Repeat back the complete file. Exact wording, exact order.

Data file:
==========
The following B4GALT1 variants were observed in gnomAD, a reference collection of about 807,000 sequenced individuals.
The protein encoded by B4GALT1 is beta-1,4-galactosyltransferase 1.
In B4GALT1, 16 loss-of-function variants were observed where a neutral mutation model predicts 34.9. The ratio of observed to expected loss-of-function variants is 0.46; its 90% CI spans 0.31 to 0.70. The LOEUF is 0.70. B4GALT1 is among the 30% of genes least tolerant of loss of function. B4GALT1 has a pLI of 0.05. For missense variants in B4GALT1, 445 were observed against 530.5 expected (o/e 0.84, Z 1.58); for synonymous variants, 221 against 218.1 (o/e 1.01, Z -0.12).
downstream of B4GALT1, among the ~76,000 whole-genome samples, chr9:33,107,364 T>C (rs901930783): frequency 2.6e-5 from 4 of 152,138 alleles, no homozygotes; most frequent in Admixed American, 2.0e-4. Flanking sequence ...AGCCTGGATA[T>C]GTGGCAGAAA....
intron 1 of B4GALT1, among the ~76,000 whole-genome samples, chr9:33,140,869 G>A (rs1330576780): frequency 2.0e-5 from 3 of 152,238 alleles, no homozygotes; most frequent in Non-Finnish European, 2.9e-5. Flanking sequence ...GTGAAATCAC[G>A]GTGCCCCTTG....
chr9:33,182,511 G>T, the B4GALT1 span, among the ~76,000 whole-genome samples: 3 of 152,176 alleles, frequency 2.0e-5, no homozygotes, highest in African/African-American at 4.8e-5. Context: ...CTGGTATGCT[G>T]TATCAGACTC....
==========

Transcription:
The following B4GALT1 variants were observed in gnomAD, a reference collection of about 807,000 sequenced individuals.
The protein encoded by B4GALT1 is beta-1,4-galactosyltransferase 1.
In B4GALT1, 16 loss-of-function variants were observed where a neutral mutation model predicts 34.9. The ratio of observed to expected loss-of-function variants is 0.46; its 90% CI spans 0.31 to 0.70. The LOEUF is 0.70. B4GALT1 is among the 30% of genes least tolerant of loss of function. B4GALT1 has a pLI of 0.05. For missense variants in B4GALT1, 445 were observed against 530.5 expected (o/e 0.84, Z 1.58); for synonymous variants, 221 against 218.1 (o/e 1.01, Z -0.12).
downstream of B4GALT1, among the ~76,000 whole-genome samples, chr9:33,107,364 T>C (rs901930783): frequency 2.6e-5 from 4 of 152,138 alleles, no homozygotes; most frequent in Admixed American, 2.0e-4. Flanking sequence ...AGCCTGGATA[T>C]GTGGCAGAAA....
intron 1 of B4GALT1, among the ~76,000 whole-genome samples, chr9:33,140,869 G>A (rs1330576780): frequency 2.0e-5 from 3 of 152,238 alleles, no homozygotes; most frequent in Non-Finnish European, 2.9e-5. Flanking sequence ...GTGAAATCAC[G>A]GTGCCCCTTG....
chr9:33,182,511 G>T, the B4GALT1 span, among the ~76,000 whole-genome samples: 3 of 152,176 alleles, frequency 2.0e-5, no homozygotes, highest in African/African-American at 4.8e-5. Context: ...CTGGTATGCT[G>T]TATCAGACTC....